Hen na Hoteru (変なホテル) or literally, weird hotel in English, owned by Huis Ten Bosch is a first of its kind robot hotel in Nagasaki prefecture. It’s completely run by robots! Three robots man the check-in desk. Here guests have the option to use facial recognition to check-in and enter their room or can opt for a check-in card.
After checking-in, guests have the option to store any extra luggage in a secure robot operated vault.
And there’s no need to carry any luggage to your room, thanks to the purpose built luggage transporter robots. The transporter robots are one of two robots manufactured by electronics firm Sharp, especially for Hen na Hotel. What makes the transporter robot intelligent is that it’s equipped with a touch panel display and is able to guide guests and itself automatically to the room.
We all know that Japan is big on mascots, so it would only make sense for Huis Ten Bosch to have one as well right? Right! Meet Tyuli Chan (チューリーちゃん), she’s the public face of Huis Ten Bosch chain of hotels.
So once guests have arrived in their room, they will find a robot version of Tyuli Chan (チューリーロボ) waiting for them. This is Sharp’s second purpose built intelligent robot for Hen na Hotel.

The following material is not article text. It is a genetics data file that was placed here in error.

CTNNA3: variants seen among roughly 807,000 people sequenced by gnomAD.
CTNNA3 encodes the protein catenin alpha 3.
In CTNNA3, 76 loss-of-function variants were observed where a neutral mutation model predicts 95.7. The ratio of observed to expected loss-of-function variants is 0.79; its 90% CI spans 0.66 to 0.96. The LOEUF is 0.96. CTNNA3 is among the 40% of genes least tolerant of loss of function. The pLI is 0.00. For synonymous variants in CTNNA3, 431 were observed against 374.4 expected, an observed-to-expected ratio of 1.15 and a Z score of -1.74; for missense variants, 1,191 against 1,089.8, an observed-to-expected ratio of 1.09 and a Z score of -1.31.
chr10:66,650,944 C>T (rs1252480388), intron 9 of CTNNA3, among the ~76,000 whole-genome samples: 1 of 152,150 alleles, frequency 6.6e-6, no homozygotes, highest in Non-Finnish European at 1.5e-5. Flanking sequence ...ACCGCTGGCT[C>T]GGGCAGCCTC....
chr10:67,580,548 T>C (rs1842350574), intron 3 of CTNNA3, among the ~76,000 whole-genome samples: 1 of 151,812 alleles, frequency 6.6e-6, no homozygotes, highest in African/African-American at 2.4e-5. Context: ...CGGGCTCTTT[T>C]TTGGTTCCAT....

Patiently sitting on the bedside table, Tyuli Robo awaits verbal instructions from guests. Staying quiet won’t stop Tyuli from waking up; she’ll know to be at your service when the sensory room lights are automatically turned on. Personally I feel that her functionality is quiet limited at the moment. She’s capable of simple tasks such as waking guests up when they ask her to, switching the lights on and off as well as acquiring weather information when asked.
Due to labour shortages in Japan, there is a greater demand for automation. Tech giants like Sharp will continue to produce and place intelligent robots in the home, work and places of leisure. Those of you who have visited the ‘Land of the Rising Robots’ will have noticed commercial robots like Peppa in shops and banks in Tokyo.
For a brief background on Japan’s history with robots check out my previous article here, where I attempt to explore why the Japanese seem to be more accepting of robots than us living in the West.